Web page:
102 Minutes: The Definitive Account of the Fight to Survive Inside the Twin Towers

102 Minutes: The Definitive Account of the Fight to Survive Inside the Twin Towers by Jim Dwyer and Kevin Flynn tells the stories of firefighters, police officers and the people themselves who were inside both towers of the World Trade Center on the morning of 11 September 2001. The authors interviewed survivors and the relatives of those who died and compiled their narrative from all forms of communication coming into and going out of both towers that day. Police radio reports, helicopter recordings, 911 calls, E-mails, cellphone conversations and even announcements made in the towers picked up on saved cellphone conversations all capture the sense of the unknown, then the horror of what it was like to be in the World Trade Center as terror rained down.


The workers at 1 World Trade at first believed that a bomb had gone off, a repeat of the act of terrorism that first struck the WTC in February 1993. Unlike the bombing, the disaster that struck the tower this time left no escape route for those who were above the impact zone. Phone calls home filled with confidence that a rescue would soon be underway soon turn into desperation then resignations of imminent death and final “I love you”‘s as the people in the highest storeys are choked into breaking windows for fresh air. The authors describe the feelings of the firefighters on duty that day:

“Worst of all were the thunderous, percussive claps as bodies hit the building canopy. So many people from the upper floors were jumping, even now, just minutes after the crash, that the chief went over to the public-address system, not realizing it had been rendered inoperable by the plane.”‘Please don’t jump,’ he spoke into the dead microphone. ‘We’re coming up for you.'”

Those who were in the second tower immediately after the first tower was hit received mixed messages from the Port Authority Police Department whether or not to evacuate. Dwyer and Flynn documented recordings made by officers working in the same department, instructing people either to remain on their floor or to leave the building immediately. Your life depended on whom you spoke to. Most tragic of all were the stories of those who evacuated to the lobby only to be told that the building was secure and that it was safe to return to one’s office. Those that did, even if their office was below the impact zone, had a hellish second descent down dozens of flights of smoke-filled stairs.

A monumental failure that cost hundreds of lives was the poor and in some cases nonexistent level of communication between the police and fire departments. Each department regarded itself as its own island, ignoring the efforts of the others even while fires were raging and chunks of the tower were falling upon them. No system of shared information was in place, and even when crucial information was known (such as the collapse of the south tower) it was impossible to deliver such a message to those most in harm’s way. The authors relate numerous stories where police officers race down the north tower stairs, passing groups of firefighters gathered together on different floors.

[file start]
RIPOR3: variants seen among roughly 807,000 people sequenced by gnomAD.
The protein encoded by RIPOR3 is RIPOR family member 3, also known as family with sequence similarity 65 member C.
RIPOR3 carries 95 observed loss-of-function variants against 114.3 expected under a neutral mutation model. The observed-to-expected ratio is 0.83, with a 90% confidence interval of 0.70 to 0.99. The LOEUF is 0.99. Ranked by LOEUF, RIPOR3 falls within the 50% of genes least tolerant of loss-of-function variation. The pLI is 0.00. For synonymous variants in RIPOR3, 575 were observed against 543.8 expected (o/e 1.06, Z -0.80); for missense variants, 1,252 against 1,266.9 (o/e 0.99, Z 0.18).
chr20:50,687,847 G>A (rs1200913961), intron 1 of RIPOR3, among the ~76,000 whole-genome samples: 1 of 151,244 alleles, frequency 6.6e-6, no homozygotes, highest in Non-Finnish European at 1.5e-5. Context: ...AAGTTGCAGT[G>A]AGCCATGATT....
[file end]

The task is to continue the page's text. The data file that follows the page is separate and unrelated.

102 Minutes tells the stories of those trapped above the impact zones who tried to make it to the roof. Helicopter rescues were in fact considered by the pilots circling the towers but landing atop the blazing, smoking towers was impossible, as was the idea of lowering rescue crews down on ropes. The intense heat alone could compromise the ability of the helicopters to stay aloft by weakening the updrafts if they got too close. The doors to the roofs were locked anyway, however I wonder if there might have been an attempt by any would-be rescuers who landed on the roof to break them open from the outside.

Many heroes lost their lives that day. 102 Minutes has a photos section and it is sad to see photos of these firefighters, police officers and WTC employees in the midst of rescuing people, only to read their names at the end of the book marking those who died in the collapse. Moira Smith from the New York Police Department is in a photograph escorting a man from 2 WTC. Sadly, she died inside the tower, no doubt in her attempt to rescue more people. Frank de Martini and Pablo Ortiz, who worked on the 88th floor of the first tower which was right below the impact zone, rescued people from offices up to the 91st floor, before being blocked by damaged staircases taking them any further. Both men lost their lives in rescuing others.

In 102 Minutes your heart will race, your hands will sweat and you will not pay attention to anything else other than the page you’re reading. It was a harrowing read.

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